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Afghan leaders, former king, in Rome peace talks
ROME, Jan 19 (AFP) - Italian Foreign Minister Lamberto Dini on Friday told Afghanistan's ex-king Zaher Shah and other exiled Afghan figures that the international community was committed to helping them find an end to the conflict in their country.
Dini spoke on the eve of a two-day conference bringing together the former monarch and 37 other Afghan figures -- but excluding both the Taliban militia that rules most of the country and the opposition Northern Alliance.
Participants are notably to seek agreement on calling a Loya Jirga, the traditional Afghan Grand Assembly, in a bid to end the Afghan civil war, appoint a head of state and establish a transitional government.
The 86-year-old former king has lived in exile in Italy since 1973, when he was overthrown by a cousin.
"We want progress in your country," Dini told Zaher, hailing him as the man who has promoted the assembly initiative since 1999 when he launched an appeal from Rome for a government of national unity to draw up a new constitution.
The weekend meeting is to seek a compromise that would be acceptable to the Afghan people and the factions that rule large swaths of the country.
It is "an alternative to dialogue" at other levels, said Dini.
The talks will start a day after a UN deadline for the Taliban to hand over indicted terrorist Osama bin Laden expired and new UN sanctions took effect.
A US court has indicted bin Laden to stand trial for allegedly masterminding two US embassy bombings in East Africa in 1998, but the Taliban insist the Saudi millionaire is a "guest" in Afghanistan and there is no evidence against him.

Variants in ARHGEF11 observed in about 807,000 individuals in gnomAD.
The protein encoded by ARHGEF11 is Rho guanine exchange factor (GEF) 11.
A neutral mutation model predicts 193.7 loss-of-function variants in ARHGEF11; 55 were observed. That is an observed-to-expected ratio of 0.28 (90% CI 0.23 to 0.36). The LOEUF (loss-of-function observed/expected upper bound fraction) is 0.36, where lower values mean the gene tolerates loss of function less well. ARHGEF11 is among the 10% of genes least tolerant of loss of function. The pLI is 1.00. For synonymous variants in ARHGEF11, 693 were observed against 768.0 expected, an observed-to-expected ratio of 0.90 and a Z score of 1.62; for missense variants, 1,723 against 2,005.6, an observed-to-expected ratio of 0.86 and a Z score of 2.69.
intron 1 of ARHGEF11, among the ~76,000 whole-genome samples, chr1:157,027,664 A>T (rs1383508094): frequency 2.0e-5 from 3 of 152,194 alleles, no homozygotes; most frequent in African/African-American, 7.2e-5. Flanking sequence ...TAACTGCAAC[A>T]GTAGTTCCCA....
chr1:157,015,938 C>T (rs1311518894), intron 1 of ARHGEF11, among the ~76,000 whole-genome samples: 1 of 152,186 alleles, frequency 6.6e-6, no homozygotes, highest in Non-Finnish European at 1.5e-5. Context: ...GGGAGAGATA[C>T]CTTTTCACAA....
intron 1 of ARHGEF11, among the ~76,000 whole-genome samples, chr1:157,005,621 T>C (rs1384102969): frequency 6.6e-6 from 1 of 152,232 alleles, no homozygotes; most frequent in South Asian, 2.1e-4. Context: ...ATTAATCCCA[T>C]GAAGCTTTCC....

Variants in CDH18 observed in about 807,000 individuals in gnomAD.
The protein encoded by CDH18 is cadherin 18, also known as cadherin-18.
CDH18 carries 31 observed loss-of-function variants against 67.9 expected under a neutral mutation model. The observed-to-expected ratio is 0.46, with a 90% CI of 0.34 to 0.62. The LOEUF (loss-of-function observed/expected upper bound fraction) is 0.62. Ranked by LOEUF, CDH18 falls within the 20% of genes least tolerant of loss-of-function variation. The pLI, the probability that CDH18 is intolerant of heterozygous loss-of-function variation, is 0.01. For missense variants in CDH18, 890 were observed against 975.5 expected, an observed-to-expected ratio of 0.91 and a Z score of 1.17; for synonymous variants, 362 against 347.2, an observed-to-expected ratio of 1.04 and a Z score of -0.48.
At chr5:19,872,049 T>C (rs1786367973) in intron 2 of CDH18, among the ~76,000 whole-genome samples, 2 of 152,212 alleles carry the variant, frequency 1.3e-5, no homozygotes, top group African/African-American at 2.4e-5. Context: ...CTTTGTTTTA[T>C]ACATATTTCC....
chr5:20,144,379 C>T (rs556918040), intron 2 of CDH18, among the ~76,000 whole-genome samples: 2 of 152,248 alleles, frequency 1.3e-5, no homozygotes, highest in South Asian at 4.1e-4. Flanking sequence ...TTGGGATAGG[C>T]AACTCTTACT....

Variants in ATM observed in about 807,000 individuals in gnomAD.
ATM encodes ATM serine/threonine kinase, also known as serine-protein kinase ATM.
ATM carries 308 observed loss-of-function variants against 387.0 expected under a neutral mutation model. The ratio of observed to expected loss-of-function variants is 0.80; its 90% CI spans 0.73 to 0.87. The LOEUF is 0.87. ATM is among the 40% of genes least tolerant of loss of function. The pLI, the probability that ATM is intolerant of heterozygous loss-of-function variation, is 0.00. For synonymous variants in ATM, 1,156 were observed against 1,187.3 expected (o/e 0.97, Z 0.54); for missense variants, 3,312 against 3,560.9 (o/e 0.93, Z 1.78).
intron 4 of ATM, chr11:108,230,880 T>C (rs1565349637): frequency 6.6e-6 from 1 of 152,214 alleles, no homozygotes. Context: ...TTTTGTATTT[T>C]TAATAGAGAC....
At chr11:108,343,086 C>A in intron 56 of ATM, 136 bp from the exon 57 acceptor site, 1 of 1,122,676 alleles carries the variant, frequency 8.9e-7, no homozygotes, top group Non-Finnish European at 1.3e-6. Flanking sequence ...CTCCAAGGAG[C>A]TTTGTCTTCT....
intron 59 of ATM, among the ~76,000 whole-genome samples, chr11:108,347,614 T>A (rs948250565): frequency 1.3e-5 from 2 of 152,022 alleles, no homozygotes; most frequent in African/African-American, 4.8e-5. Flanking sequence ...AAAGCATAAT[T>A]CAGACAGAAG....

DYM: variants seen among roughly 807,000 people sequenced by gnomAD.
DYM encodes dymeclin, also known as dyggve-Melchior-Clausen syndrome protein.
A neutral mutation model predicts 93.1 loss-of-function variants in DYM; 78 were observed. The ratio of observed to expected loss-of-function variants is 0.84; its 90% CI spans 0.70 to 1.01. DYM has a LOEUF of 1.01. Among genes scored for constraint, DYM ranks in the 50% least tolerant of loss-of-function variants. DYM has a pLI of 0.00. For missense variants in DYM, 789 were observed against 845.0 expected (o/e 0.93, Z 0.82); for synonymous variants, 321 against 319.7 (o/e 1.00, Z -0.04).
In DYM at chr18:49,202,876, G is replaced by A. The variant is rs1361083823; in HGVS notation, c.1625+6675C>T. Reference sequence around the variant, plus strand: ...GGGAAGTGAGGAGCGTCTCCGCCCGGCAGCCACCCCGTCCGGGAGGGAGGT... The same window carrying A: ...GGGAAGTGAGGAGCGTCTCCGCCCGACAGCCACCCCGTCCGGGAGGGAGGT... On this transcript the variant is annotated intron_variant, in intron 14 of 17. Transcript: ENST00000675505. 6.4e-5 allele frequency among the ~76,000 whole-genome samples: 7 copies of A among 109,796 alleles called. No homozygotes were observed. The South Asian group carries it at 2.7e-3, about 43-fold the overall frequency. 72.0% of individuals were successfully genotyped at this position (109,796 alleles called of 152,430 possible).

A seven-member executive committee is to assist the former king in coordinating the Afghan reconciliation process at the talks.
Dini noted that Afghanistan was not only a victim of invasion -- by Soviet troops in 1979 -- but also wracked by warring of rival factions while being the origin of drug traffickers.
"Ninety percent of the drugs -- cocaine and others -- sold in Europe originate in Afghanistan," said Dini.
UN figures released Thursday showed Afghanistan remained the world's largest producer of opium last year, although production had fallen some 29 percent to 3,276 tonnes due mainly to severe drought.
The war in Afghanistan does "not only mean suffering for the people but also represents a possible source of infection for the international community because of terrorism, fanatism, drugs and instability," Zalmai Rassoul, Zaher's private secretary, told a news conference at the Italian foreign ministry.
"The Afghan people have a right to choose their own future and we are here to give people that opportunity," he said, insisting that "all sections of Afghan society" were represented" at the Rome meeting.
He added however that Afghanistan's former monarch was in favor of talks with the Taliban to settle the conflict.
Italy, which has provided humanitarian assistance to the country, including two hospitals, has long played a key role in helping the various Afghan parties settle the conflict.
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